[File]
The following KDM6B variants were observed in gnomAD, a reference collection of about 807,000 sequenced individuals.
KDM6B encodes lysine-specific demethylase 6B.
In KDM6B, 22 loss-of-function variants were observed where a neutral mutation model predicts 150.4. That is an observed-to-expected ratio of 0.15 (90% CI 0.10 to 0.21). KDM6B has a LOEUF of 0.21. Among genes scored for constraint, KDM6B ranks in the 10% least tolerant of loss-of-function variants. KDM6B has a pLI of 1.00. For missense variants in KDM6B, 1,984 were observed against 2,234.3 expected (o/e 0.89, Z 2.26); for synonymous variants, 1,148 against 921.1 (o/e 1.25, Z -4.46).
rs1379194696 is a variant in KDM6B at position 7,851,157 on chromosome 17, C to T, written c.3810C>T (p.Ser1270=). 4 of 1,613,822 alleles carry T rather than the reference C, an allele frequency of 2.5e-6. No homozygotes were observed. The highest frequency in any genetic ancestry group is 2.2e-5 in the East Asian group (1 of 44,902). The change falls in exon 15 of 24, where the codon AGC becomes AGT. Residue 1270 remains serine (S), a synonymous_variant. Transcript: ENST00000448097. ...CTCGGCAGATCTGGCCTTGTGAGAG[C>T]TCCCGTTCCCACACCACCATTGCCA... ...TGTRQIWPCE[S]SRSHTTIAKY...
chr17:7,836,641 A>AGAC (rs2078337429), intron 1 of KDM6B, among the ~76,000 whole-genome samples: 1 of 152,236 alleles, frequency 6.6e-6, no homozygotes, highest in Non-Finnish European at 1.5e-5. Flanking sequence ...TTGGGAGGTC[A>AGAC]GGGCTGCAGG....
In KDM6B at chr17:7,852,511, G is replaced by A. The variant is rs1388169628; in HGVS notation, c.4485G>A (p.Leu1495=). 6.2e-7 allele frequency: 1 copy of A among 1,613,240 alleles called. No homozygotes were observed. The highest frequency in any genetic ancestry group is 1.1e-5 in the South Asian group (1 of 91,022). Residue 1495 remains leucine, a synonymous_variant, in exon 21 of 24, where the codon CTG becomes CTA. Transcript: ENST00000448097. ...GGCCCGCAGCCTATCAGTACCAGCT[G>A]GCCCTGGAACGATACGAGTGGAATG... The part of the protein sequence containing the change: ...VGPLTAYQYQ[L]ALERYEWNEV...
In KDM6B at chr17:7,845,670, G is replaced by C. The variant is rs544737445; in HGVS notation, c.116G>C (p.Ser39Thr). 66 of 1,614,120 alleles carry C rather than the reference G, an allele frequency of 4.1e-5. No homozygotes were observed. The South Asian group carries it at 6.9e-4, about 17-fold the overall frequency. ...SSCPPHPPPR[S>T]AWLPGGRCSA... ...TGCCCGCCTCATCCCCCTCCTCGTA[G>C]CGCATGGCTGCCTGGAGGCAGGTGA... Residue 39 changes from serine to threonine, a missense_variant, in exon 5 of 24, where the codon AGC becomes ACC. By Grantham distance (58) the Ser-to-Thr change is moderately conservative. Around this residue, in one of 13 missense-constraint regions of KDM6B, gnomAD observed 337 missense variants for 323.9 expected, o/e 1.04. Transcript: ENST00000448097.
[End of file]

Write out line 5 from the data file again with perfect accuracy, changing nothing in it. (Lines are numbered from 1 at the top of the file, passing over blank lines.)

chr17:7,836,641 A>AGAC (rs2078337429), intron 1 of KDM6B, among the ~76,000 whole-genome samples: 1 of 152,236 alleles, frequency 6.6e-6, no homozygotes, highest in Non-Finnish European at 1.5e-5. Flanking sequence ...TTGGGAGGTC[A>AGAC]GGGCTGCAGG....